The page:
Only a doctor can make a diagnosis, so if you experience any changes or are concerned about anything relating to the above symptoms, it is advisable to make an appointment with your doctor. Try not to worry until you have had any symptoms examined; testicular cancer is a relatively rare type of cancer. Around 2,200 men each year in the UK are diagnosed with testicular cancer, which is 1% of all cancers that occur in men. Most testicular lumps are not cancerous, fewer than 4 in 100 are. If you are too embarrassed to speak with your doctor you are also able to make an appointment to visit your local sexual health clinic, where a qualified health care professional will be able to examine you. When you go to see your healthcare professional, he or she will ask you about your symptoms including the nature of any physical lumps or irregularities you have noticed, as well as whether you are experiencing any other symptoms. You will also be asked about both your medical background and any history of related conditions in your family. Your doctor will usually also perform a physical examination of your testicles, which can include a test where a torch or light is held against any lumps in order to establish whether light passes through them. If it is a harmless, fluid filled cyst the light will pass through, if it is a solid lump, the light will not pass through.

If your doctor suspects that you may have cancerous abnormalities in your testicles, you will usually be referred to a specialist. Specialists have a number of tests at their disposal, including ultrasound scans, blood tests, and biopsies. In some cases, they may want to do further tests, such as MRI and CT scans. Remember that is possible to cure testicular cancer at all stages, even if it has spread.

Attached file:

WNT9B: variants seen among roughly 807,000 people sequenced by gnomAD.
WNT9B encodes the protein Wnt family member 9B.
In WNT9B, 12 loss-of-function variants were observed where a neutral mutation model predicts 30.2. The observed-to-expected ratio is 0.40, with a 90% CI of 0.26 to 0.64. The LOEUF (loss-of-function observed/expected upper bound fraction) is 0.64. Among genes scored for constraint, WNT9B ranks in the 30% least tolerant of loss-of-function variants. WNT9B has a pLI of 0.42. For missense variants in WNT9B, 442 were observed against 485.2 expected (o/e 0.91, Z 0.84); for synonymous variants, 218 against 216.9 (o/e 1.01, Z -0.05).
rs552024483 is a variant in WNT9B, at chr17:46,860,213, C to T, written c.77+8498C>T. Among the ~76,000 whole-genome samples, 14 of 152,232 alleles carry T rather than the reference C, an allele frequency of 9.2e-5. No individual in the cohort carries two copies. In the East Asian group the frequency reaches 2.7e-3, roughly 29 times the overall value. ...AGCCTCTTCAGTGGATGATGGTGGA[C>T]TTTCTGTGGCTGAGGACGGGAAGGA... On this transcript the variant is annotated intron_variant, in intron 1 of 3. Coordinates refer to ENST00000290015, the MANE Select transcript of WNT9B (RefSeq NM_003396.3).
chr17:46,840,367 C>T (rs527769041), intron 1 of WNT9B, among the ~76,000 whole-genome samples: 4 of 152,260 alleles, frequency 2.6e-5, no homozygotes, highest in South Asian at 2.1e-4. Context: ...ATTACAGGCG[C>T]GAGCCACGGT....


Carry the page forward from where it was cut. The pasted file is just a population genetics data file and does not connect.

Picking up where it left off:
Depending on how early testicular cancer is detected, doctors can use surgery, chemotherapy or radiotherapy. For lower level cancer (stage 1) surgery is used; this is where the affected testicle is removed (also known as an orchidectomy or orchiectomy).  After removal of an affected testicle, you should still be able to have an erection and to father children. If both testicles are removed, it would mean you are no longer able to father children, however the chances of having cancer in both testicles is very rare. If the cancer is more advanced (stage 2 or 3), chemotherapy or radiotherapy is often given after surgery has taken place.

The survival rates of men with testicular cancer are very high: 98% of men diagnosed with the condition survive for 5 years or more, making testicular cancer one of the most treatable types of cancer.


If you have been previously diagnosed with testicular cancer it is very important that you regularly self-examine. It is four-to-twelve times more likely to develop in the other testicle than for someone who has not previously had testicular cancer. For this reason, attending follow up appointments is very important as recurrence, often happens between 5-10 years after having testicular cancer.

talkhealth suggests a number of charities that can provide support for men suffering from testicular cancer – Orchid deals with all forms of male cancer; and the Men’s Health Forum deals with men’s health concerns more generally.

Sources used in writing this article are available on request.


Information written by the talkhealth team

Last revised: 13 October 2016

Next review: 13 October 2019